Loading Skeleton

A collection of loading placeholders that display a non-interactive preview of the app’s actual UI to visually communicate that content is in the process of loading.

Also known as:
SkeletonStencilLoading PlaceholdersPlaceholder UI

AnchorNeed to know

  • Give people an idea of what’s about to come and what’s happening (it's currently loading) when a page full of content/data takes more than 300ms to load.


UI Kit


To keep in mind

  • In practice, a loading skeleton is a preset configuration of loading placeholders.
  • Static elements: For elements of the page that won’t require loading, such as headings, body copy, buttons, and borders, include this as static elements of the design. In other words, only skeleton load data values/content, not containers. This avoids the need to build custom loading elements for a variety of containers and minimizes jank when data/content arrives.
  • Shape: Loading placeholders follow the shape and form of what will be loaded – the width, height, colors and text line-heights align to the built components.
  • Position: Loading placeholders sit in the same position on the screen as the live elements, to avoid the feeling of things jumping around on the page.
  • Style:
    • Be subtle, because it’s not a real, interactive interface.
    • Be flexible to an unknown number of items or shape of data being loaded. This might be indicated either through composition to suggest the shape of what will arrive, or through repeatable elements. Show the minimum number of items as a skeleton before loading however many content items in.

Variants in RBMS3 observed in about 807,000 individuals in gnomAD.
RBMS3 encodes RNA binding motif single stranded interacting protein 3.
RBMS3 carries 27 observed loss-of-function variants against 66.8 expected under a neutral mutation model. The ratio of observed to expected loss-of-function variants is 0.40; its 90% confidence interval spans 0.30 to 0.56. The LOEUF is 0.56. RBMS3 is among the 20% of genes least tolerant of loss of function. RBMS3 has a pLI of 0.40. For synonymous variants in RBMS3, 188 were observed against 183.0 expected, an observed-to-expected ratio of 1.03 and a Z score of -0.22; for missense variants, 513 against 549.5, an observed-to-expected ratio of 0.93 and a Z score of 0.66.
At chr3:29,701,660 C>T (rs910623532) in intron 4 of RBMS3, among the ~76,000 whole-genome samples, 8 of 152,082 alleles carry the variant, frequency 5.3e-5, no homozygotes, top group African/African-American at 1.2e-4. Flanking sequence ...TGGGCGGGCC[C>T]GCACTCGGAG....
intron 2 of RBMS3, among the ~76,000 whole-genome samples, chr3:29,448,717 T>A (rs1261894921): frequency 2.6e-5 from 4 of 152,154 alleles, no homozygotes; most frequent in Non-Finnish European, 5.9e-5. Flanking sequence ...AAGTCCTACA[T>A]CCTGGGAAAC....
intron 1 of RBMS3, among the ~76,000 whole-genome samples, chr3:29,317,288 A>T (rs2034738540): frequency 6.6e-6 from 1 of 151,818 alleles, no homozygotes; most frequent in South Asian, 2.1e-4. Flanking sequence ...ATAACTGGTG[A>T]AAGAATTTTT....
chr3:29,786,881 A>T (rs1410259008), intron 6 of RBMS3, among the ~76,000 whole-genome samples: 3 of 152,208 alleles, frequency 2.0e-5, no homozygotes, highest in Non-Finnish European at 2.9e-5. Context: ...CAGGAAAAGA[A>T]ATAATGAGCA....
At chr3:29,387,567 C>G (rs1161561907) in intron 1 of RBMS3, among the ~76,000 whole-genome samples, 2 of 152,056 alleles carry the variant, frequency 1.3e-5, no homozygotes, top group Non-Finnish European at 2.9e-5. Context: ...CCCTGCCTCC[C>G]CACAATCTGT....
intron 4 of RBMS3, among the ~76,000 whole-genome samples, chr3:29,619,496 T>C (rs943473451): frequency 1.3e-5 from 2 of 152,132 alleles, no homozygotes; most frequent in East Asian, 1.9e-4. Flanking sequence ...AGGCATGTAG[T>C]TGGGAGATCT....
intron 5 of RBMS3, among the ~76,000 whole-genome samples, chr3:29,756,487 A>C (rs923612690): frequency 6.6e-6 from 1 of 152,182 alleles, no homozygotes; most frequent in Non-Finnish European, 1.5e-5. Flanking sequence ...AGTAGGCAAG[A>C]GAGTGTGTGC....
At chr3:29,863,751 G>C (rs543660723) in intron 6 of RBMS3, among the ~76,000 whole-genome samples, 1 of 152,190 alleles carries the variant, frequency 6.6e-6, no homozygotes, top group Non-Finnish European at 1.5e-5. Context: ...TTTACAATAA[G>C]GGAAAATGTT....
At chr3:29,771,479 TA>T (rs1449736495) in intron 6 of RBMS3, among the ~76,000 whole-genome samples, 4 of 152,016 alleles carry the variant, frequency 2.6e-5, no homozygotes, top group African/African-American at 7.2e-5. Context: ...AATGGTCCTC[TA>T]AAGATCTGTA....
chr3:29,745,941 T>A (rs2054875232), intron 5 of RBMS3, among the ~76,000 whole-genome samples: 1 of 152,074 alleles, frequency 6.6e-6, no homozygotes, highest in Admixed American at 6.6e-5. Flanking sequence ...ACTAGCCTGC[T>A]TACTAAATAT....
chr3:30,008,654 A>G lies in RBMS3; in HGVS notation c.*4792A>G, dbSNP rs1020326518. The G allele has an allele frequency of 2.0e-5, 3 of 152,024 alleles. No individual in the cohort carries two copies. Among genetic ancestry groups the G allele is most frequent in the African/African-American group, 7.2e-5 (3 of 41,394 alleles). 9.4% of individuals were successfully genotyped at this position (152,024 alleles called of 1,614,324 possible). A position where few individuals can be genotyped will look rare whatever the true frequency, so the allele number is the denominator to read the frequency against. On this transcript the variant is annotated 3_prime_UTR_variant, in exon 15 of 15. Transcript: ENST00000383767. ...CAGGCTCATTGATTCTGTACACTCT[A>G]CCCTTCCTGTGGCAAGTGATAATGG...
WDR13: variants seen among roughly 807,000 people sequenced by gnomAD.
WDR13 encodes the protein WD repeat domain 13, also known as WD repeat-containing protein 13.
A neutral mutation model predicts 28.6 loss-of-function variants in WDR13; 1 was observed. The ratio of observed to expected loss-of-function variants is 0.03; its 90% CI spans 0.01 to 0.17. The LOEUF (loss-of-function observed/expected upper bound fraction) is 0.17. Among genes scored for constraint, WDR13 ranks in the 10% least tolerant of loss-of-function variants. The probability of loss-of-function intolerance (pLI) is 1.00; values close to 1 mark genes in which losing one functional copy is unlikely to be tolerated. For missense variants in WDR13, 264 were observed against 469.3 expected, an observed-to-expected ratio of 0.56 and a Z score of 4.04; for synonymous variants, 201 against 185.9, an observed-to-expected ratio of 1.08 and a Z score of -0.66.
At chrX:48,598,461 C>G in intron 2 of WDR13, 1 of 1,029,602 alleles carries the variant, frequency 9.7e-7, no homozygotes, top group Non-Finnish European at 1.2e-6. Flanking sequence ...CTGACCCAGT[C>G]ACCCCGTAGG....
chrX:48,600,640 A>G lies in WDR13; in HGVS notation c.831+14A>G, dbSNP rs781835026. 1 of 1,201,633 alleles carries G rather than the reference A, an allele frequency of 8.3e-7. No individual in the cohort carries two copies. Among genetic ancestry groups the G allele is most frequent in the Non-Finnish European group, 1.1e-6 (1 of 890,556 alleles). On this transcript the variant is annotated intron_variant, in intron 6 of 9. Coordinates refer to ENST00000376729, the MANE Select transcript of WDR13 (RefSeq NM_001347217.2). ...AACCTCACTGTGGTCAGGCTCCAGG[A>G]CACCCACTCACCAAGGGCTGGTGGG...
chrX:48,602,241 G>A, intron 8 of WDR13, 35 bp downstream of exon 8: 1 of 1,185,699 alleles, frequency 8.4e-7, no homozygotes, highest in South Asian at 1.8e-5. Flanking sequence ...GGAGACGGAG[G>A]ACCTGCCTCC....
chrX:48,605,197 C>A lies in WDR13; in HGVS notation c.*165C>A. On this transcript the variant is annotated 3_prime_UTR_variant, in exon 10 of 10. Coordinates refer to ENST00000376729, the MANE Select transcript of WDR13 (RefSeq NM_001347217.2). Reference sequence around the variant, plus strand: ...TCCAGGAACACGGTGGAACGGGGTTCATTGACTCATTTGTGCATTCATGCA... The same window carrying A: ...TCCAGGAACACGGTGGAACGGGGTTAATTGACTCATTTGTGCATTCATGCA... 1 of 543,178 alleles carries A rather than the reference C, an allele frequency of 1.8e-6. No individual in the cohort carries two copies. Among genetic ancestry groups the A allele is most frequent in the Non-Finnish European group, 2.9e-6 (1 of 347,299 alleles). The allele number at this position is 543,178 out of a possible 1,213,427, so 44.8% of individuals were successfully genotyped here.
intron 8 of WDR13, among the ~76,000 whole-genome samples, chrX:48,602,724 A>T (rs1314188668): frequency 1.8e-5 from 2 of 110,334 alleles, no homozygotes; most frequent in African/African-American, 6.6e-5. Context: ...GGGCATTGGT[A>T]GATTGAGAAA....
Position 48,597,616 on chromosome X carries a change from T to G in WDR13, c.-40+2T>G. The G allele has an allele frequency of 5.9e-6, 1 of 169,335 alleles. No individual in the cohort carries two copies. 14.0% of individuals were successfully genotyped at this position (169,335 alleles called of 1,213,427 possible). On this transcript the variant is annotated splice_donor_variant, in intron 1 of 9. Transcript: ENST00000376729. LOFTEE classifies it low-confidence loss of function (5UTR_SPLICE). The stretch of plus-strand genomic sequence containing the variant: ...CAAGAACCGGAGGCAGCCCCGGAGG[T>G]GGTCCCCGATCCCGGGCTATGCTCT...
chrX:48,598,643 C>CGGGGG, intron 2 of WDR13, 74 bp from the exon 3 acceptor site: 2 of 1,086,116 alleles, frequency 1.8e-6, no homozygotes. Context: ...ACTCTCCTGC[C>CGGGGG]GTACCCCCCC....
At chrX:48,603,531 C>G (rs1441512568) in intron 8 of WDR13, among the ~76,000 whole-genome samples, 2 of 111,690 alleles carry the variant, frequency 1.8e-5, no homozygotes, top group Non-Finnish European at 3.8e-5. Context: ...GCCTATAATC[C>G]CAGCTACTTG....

• Animation:
    • If the skeleton loading will load in content when it’s ready without refreshing the page, animate the loading placeholders. We don’t currently use gradients in our branding aesthetic, so for ‘shimmering’ skeletons we opt for opacity changes rather than animated gradients.
    • If data sometimes arrives in less than 300ms, still show a loading skeleton for at least 300ms to avoid distracting people with an unnecessary skeleton. That is, don’t show a skeleton for 100ms before content appears as that will feel slower and be a distracting, jarring change.

When to use and when not to use

When to use
  • Use a loading skeleton when a loading spinner is not prominent enough.
  • Use when there’s more than 1 element loading at the same time that requires an indicator.
  • Use on high-traffic pages, such as our account dashboard.
  • Use when data takes more than 300ms to load on an average connection for our user base.
When not to use
  • For a long-running process or background process, e.g. importing data or exporting reports, use a progress bar (link to come) instead.
  • For fast processes that take less than 300ms, consider a spinner or no loading state at all.
  • For a tiny, inline action or feedback, e.g. clicked a button and the action will take time, use a loading spinner (link to come) instead.
  • For low-traffic pages, such as super-user only admin pages, use a loading spinner instead.
  • If a page refresh is required, use an Empty State with a Call To Action to refresh.
  • For introducing content with flair, use a choreographed or stylized entrance. In contrast to a placeholder loading skeleton, choreographed or stylized entrances don’t care how long content takes to load. For example, the whole page might be loaded already, but we only reveal each section with a fade as the person scrolls down the page. A single stylized entrance may mask and replace a loading spinner.

External links